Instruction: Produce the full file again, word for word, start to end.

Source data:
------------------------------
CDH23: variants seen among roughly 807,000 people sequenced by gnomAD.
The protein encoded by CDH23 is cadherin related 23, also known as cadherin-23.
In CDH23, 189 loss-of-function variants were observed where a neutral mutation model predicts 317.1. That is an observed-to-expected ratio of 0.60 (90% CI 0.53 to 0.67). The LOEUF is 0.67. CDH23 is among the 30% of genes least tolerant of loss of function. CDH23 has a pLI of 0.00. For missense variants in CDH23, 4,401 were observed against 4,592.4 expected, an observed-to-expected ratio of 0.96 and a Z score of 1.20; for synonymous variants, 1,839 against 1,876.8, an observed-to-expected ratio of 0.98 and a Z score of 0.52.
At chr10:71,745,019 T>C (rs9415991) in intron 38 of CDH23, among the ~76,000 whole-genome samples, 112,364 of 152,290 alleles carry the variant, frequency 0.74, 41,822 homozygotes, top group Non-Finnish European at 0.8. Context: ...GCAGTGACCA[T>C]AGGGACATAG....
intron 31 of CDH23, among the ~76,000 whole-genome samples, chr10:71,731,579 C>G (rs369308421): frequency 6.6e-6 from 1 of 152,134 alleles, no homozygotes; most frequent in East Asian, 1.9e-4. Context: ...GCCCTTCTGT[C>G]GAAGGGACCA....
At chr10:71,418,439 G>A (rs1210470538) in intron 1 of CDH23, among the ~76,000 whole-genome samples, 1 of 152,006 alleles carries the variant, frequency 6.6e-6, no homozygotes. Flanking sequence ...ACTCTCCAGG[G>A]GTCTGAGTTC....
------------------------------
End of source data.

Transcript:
CDH23: variants seen among roughly 807,000 people sequenced by gnomAD.
The protein encoded by CDH23 is cadherin related 23, also known as cadherin-23.
In CDH23, 189 loss-of-function variants were observed where a neutral mutation model predicts 317.1. That is an observed-to-expected ratio of 0.60 (90% CI 0.53 to 0.67). The LOEUF is 0.67. CDH23 is among the 30% of genes least tolerant of loss of function. CDH23 has a pLI of 0.00. For missense variants in CDH23, 4,401 were observed against 4,592.4 expected, an observed-to-expected ratio of 0.96 and a Z score of 1.20; for synonymous variants, 1,839 against 1,876.8, an observed-to-expected ratio of 0.98 and a Z score of 0.52.
At chr10:71,745,019 T>C (rs9415991) in intron 38 of CDH23, among the ~76,000 whole-genome samples, 112,364 of 152,290 alleles carry the variant, frequency 0.74, 41,822 homozygotes, top group Non-Finnish European at 0.8. Context: ...GCAGTGACCA[T>C]AGGGACATAG....
intron 31 of CDH23, among the ~76,000 whole-genome samples, chr10:71,731,579 C>G (rs369308421): frequency 6.6e-6 from 1 of 152,134 alleles, no homozygotes; most frequent in East Asian, 1.9e-4. Context: ...GCCCTTCTGT[C>G]GAAGGGACCA....
At chr10:71,418,439 G>A (rs1210470538) in intron 1 of CDH23, among the ~76,000 whole-genome samples, 1 of 152,006 alleles carries the variant, frequency 6.6e-6, no homozygotes. Flanking sequence ...ACTCTCCAGG[G>A]GTCTGAGTTC....